Laura Linney’s future
”Just because you’re not famous,” says Laura Linney, ”doesn’t mean you’re not good.” The actress is speaking from experience. Despite delivering standout turns in a string of major movies — most notably playing Jim Carrey’s cheery wife in The Truman Show — Linney is not a celebrity. She has a flawless complexion but no endorsements for beauty products. Her cell phone rings only twice in 90 minutes. And her recent split from her husband of nearly five years registered zero on the tabloid Richter scale. Shrugs Linney, ”People say, ‘Oh, I’m sorry it hasn’t happened for you yet.”’
Well, it’s happening now. With her quietly moving performance as Sammy Prescott, a small-town single mom coping with the sudden return of her troublemaking younger brother (Mark Ruffalo) in You Can Count on Me, Linney is for the first time driving a feature film — and finding herself buzzed about for a Best Actress Oscar nomination. ”You’re always afraid that your big scenes are either going to go over the top or not be deep enough, and there are a lot of scenes for Sammy that require serious emotional depth,” says Kenneth Lonergan, the film’s writer-director. ”To have every single one of those scenes be hit like a bell ringing is astonishing.”
Given her pedigree, it shouldn’t be that much of a surprise: The New York-born daughter of playwright Romulus Linney (Tennessee) and nurse Ann Perse (Laura’s parents divorced months after she was born), the actress dabbled in summer stock as a teenager and studied theater at Brown University. After drama school at Juilliard, she toiled on stage before landing one day’s film work in 1992’s Lorenzo’s Oil. ”My first shot was walking down these stairs and crossing a street,” she says. ”It was the first time I ever acted outside.” Three years later, while Linney was traipsing through the jungles of Africa filming the goofy gorilla caper Congo, her old Juilliard roommate Jeanne Tripplehorn was in Hawaii for Waterworld. ”We would call each other,” remembers Linney, 36. ”She’s like, ‘Today I jumped off the mast of a ship and dove into the water.’ And I’m like, ‘Well, I fell out of a tree and ran from a monkey.”’
The low-budget You Can Count on Me, filmed in upstate New York, provided its own kind of culture shock: It was, for Linney, an atypically no-frills movie. ”There was no holding space for the actors,” she recalls, curled up in her trailer on the Toronto set of the domestic drama Black Iris. ”There was a chicken coop that we cleaned out and it became home base. Chickens had not left that long ago. It was really eau de chicken. It was pretty disgusting.” The close quarters, along with the characters’ intense relationships, produced strong bonds off camera as well. Says Linney of costar Ruffalo, ”I nearly burst into tears every time I see him.”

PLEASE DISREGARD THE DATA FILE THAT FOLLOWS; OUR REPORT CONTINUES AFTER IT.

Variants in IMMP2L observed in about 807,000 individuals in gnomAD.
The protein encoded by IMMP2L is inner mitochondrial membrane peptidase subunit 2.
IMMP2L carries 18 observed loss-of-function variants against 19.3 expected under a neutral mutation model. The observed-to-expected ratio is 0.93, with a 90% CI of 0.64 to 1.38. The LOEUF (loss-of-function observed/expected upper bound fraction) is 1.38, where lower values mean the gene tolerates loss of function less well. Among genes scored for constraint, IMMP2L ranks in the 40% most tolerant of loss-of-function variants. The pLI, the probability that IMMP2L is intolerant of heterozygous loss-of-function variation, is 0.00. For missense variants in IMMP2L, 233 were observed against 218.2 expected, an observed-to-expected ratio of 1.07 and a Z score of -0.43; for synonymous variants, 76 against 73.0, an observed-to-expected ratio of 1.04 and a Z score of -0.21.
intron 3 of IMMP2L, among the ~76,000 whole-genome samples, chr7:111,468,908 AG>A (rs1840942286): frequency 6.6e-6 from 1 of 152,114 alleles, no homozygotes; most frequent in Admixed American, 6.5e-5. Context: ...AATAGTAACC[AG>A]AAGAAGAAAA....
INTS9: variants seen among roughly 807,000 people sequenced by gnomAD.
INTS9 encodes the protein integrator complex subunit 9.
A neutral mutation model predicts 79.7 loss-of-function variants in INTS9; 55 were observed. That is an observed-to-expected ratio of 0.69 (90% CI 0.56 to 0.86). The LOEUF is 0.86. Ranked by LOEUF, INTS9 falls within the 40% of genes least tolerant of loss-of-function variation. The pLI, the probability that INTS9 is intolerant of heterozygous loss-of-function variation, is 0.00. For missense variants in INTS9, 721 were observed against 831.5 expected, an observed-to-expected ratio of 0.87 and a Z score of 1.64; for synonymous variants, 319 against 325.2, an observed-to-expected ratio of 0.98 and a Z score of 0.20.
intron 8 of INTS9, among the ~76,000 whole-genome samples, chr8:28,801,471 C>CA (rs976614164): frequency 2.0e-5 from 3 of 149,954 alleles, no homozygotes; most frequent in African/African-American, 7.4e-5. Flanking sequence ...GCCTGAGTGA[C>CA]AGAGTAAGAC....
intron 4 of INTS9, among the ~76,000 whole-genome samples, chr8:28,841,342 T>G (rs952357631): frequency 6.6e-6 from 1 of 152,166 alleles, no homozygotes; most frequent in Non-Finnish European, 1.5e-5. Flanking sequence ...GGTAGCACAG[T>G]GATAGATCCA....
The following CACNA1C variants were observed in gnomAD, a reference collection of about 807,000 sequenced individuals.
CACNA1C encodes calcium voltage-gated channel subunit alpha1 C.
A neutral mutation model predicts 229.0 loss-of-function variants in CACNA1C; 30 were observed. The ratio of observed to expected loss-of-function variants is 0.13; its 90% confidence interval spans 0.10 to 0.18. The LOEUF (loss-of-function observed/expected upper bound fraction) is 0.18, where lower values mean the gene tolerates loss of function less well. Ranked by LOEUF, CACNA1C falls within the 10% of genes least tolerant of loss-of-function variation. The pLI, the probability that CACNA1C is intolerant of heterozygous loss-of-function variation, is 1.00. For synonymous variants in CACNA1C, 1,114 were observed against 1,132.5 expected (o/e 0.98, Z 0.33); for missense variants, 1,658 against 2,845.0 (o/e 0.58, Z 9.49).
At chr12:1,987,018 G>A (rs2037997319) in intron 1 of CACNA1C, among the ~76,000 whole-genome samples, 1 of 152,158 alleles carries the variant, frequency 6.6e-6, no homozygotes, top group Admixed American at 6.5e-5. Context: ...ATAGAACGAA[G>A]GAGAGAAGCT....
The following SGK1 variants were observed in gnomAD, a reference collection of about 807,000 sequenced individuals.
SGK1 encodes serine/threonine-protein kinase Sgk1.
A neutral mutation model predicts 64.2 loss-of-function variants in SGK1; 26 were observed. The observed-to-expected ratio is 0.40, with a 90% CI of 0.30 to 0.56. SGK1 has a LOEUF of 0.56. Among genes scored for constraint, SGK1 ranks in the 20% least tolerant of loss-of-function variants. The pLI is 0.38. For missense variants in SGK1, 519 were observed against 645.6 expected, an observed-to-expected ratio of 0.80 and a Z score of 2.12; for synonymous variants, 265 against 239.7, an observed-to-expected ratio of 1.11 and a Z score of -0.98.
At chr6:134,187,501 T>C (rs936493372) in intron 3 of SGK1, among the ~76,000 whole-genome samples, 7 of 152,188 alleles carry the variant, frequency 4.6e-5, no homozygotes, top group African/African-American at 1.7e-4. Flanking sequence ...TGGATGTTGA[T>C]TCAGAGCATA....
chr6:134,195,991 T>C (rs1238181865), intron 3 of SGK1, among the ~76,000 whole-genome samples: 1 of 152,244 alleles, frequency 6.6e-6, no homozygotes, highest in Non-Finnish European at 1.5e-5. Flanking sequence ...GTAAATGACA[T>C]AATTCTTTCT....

After wrapping, Linney flew directly to Scotland to shoot the Edith Wharton adaptation The House of Mirth (out Dec. 22) with Gillian Anderson and Eric Stoltz, which didn’t help her fragile mental state. ”I had one day of filming immediately and then I went to bed for four days,” says Linney, who plays wicked society wife Bertha Dorset. ”I found out later that the whole cast was wondering what was wrong with me.”
Her exhaustion wasn’t just work related. Just before Linney left to shoot You Can Count on Me, her house burned down (she declines to say where); earlier this year she separated from her stage-actor husband, David Adkins, and moved into her own apartment in Manhattan. ”It’s been a big year,” she says, smiling wearily. ”In many ways. And I don’t know what it all means.” She’ll kick off 2001 by reteaming with Primal Fear costar Richard Gere in the thriller The Mothman Prophecies. Before that, however, she’s got more pressing plans. Says Linney with a sigh, ”I’m going to go to bed for a while.” Famously.